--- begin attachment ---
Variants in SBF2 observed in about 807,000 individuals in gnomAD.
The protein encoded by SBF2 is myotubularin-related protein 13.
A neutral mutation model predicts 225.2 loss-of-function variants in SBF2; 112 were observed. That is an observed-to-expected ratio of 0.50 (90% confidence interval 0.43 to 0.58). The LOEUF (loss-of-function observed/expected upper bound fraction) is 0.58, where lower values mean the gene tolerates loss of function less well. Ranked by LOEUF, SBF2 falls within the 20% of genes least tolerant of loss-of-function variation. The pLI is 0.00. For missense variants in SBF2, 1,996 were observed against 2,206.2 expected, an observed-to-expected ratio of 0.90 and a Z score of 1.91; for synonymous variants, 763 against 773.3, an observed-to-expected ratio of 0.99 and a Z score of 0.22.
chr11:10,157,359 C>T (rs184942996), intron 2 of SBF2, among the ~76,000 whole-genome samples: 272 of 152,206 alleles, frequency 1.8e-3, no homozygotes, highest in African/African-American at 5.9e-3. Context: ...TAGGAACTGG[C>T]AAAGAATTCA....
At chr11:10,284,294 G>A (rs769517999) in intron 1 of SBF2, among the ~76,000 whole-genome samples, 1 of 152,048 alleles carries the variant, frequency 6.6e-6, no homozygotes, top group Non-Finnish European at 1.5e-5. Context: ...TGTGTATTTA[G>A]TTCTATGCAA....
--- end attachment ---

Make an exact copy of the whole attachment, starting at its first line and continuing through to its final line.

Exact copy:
Variants in SBF2 observed in about 807,000 individuals in gnomAD.
The protein encoded by SBF2 is myotubularin-related protein 13.
A neutral mutation model predicts 225.2 loss-of-function variants in SBF2; 112 were observed. That is an observed-to-expected ratio of 0.50 (90% confidence interval 0.43 to 0.58). The LOEUF (loss-of-function observed/expected upper bound fraction) is 0.58, where lower values mean the gene tolerates loss of function less well. Ranked by LOEUF, SBF2 falls within the 20% of genes least tolerant of loss-of-function variation. The pLI is 0.00. For missense variants in SBF2, 1,996 were observed against 2,206.2 expected, an observed-to-expected ratio of 0.90 and a Z score of 1.91; for synonymous variants, 763 against 773.3, an observed-to-expected ratio of 0.99 and a Z score of 0.22.
chr11:10,157,359 C>T (rs184942996), intron 2 of SBF2, among the ~76,000 whole-genome samples: 272 of 152,206 alleles, frequency 1.8e-3, no homozygotes, highest in African/African-American at 5.9e-3. Context: ...TAGGAACTGG[C>T]AAAGAATTCA....
At chr11:10,284,294 G>A (rs769517999) in intron 1 of SBF2, among the ~76,000 whole-genome samples, 1 of 152,048 alleles carries the variant, frequency 6.6e-6, no homozygotes, top group Non-Finnish European at 1.5e-5. Context: ...TGTGTATTTA[G>A]TTCTATGCAA....